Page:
Let’s look at the end of that first: “…he might retreat to Doriath and be lost to his sight again.” Again. That’s crucial. In other words, Túrin was lost to Morgoth’s sight when he was in Doriath. This strongly implies that the Curse is ineffective—or at the least, less effective—when Túrin is out of Morgoth’s sight. If that’s the case, then all the events in Doriath were entirely avoidable, even if the Curse is otherwise efficacious. The killing of Saeros, the decision to reject the King’s judgment and to leave Doriath are all choices that Túrin made entirely on his own, unaffected by the power of Morgoth.
We see further evidence of the Girdle limiting Morgoth’s power later in the version of the tale in The Silmarillion (in “Of the Ruin of Doriath”) when Húrin arrives in Menegroth with the Nauglamir. After chastising Thingol and Melian, she reminds Húrin that he was seeing “all things crooked”. Then,
Húrin stood moveless, and he gazed long into the eyes of the Queen; and there in Menegroth, defended still by the Girdle of Melian from the darkness of the Enemy, he read the truth of all that was done… (emphasis added)
Further proof that the Girdle defended Húrin—and thus, also Túrin—from the power of Morgoth’s curse when they were in Doriath.
But even if that’s a stretch (and I’m not willing to concede that it is), let’s look at the first part of that quote: where Morgoth feared that Túrin would become powerful enough that the Curse would become void. First, let’s note that it was “the doom that had been designed for him”, not the doom that had been set in stone and made inevitable. Morgoth designed this doom, intended it, purposed it — but there’s nothing here to suggest that it was unavoidable.
Instead, we see that Morgoth knows that his Curse could potentially become void — he knows that it is entirely possible for Túrin to escape the fate designed for him by Morgoth. He knows this could happen in one of two ways: either Túrin grows too powerful, or he retreats to a place where Morgoth’s power does not run.
Follow this for a moment, then:
- Morgoth knows the Curse could possibly become void.
- The Curse could, therefore, become void in actual fact, even if only under limited circumstances.
- If the Curse could possibly become void under any circumstances, then the Curse is not inescapable fate.
- If the Curse is not inescapable fate, then Túrin was not doomed to that fate.
We have one other bit of evidence to show that Morgoth’s Curse was not unavoidably effective. Going back to “Of the Ruin of Doriath”, we follow Húrin’s travels after the tragic deaths of his children. He finds Morwen and, after a brief but incredibly poignant conversation, she also dies. He looks at her face in death, though, and knows with certainty: “She was not conquered.” Remember: Morgoth told Húrin that this Curse was “upon all whom you love”… and Húrin certainly loved Morwen. The fact that she was not conquered is further evidence that the Curse was not unavoidable and that Túrin, the self-named Master of Doom, could have avoided the doom designed for him by Morgoth.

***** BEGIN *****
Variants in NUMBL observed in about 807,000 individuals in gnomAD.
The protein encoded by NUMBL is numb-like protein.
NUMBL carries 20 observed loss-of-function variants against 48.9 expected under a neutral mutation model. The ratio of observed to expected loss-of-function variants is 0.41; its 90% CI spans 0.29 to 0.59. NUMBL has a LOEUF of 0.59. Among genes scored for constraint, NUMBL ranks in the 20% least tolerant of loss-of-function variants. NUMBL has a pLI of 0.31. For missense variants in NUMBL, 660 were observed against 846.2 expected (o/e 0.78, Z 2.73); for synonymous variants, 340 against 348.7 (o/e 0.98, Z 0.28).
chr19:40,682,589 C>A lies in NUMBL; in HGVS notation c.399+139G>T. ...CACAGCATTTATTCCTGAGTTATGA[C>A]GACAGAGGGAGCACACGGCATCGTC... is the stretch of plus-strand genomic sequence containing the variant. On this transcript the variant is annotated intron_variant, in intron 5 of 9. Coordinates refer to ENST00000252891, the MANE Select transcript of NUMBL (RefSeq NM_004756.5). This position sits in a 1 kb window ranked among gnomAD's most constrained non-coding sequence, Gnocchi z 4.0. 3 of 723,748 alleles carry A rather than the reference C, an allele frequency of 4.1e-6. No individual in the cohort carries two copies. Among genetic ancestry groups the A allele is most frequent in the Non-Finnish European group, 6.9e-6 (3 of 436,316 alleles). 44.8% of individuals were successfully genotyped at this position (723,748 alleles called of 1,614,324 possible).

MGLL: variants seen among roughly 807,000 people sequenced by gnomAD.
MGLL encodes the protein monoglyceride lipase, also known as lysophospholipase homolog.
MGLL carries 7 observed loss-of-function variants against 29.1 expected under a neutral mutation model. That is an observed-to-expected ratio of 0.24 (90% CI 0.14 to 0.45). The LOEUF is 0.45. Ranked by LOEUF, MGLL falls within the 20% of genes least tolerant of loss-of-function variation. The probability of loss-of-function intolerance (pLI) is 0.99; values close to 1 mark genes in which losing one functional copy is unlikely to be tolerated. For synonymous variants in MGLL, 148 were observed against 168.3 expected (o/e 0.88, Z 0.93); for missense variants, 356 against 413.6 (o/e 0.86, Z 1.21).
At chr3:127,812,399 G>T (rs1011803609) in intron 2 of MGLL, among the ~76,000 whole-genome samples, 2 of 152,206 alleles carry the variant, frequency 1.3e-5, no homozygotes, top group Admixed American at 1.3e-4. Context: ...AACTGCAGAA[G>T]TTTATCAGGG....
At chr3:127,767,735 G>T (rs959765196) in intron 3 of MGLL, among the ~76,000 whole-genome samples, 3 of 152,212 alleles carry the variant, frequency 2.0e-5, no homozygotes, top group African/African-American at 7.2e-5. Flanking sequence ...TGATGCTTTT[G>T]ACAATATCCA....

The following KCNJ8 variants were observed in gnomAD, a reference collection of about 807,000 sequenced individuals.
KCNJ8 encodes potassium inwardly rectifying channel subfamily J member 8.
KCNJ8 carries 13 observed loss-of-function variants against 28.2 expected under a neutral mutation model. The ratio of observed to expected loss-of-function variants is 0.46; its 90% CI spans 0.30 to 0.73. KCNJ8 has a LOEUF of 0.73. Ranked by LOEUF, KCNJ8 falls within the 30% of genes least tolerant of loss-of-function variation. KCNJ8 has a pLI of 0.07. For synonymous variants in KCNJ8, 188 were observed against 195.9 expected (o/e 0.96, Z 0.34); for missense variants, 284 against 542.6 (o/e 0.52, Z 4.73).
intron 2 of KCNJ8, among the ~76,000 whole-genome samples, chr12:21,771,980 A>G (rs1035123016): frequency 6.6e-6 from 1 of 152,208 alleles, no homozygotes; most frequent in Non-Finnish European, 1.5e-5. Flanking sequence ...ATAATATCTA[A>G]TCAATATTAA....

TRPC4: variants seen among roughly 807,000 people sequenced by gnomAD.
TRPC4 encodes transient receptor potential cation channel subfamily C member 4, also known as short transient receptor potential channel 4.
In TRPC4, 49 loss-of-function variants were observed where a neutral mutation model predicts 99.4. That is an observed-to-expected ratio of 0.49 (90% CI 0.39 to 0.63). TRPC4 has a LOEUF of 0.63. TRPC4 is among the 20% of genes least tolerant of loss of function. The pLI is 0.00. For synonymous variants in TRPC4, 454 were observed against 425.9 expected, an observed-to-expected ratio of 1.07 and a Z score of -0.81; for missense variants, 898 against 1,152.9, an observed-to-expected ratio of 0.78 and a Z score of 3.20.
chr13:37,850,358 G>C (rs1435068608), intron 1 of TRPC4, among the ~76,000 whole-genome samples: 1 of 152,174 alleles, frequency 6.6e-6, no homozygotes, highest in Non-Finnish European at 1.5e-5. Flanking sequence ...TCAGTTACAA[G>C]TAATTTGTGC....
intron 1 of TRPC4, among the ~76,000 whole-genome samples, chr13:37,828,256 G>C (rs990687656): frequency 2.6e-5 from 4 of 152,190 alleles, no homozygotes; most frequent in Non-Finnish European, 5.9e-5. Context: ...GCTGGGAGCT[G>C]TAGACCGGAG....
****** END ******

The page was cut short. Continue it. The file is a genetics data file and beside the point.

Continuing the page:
Of course, to avoid such doom, Túrin would have had to make better choices, and act with humility and self-restraint. In fact, it is Túrin’s pride and arrogance that is most often to blame for his misfortunes — not the Curse of Morgoth. Almost all of Túrin’s choices stem from pride — his ofermod, to borrow another term that Tolkien spoke of. From his rejection of the King’s pardon to the decision to take up his father’s helm again, from building the bridge across the Narog to his refusal of Ulmo’s commands, from returning home rather than pursuing Finduilas’ captors and even to his suicide, pride appears to be the driving force behind most (if not all) of his poor choices.
The tale of Túrin Turambar is not a tale of inescapable Fate, but a tragic tale of foolishness and pride.
1 I was inspired to tackle this subject after reading Troels Forchammer’s excellent essay, “Fate and Free Will in Tolkien’s Middle-earth.” Forchammer goes much deeper into the philosophical matters than I can in this short piece; I highly recommend it.
2 For those who wish to get lost in the philosophical weeds on this, see https://plato.stanford.edu/archives/spr2006/entries/freewill for more.
3 Scholars today doubt the attribution to King Alfred, and the translation now is often referred to merely as the Old English Boethius.
4 Tom Shippey, The Road to Middle-earth, Houghton Mifflin, 2003, p.141
5 Dubs’ piece was published in full in Tolkien and the Invention of Myth: A Reader published by The University Press of Kentucky (2004).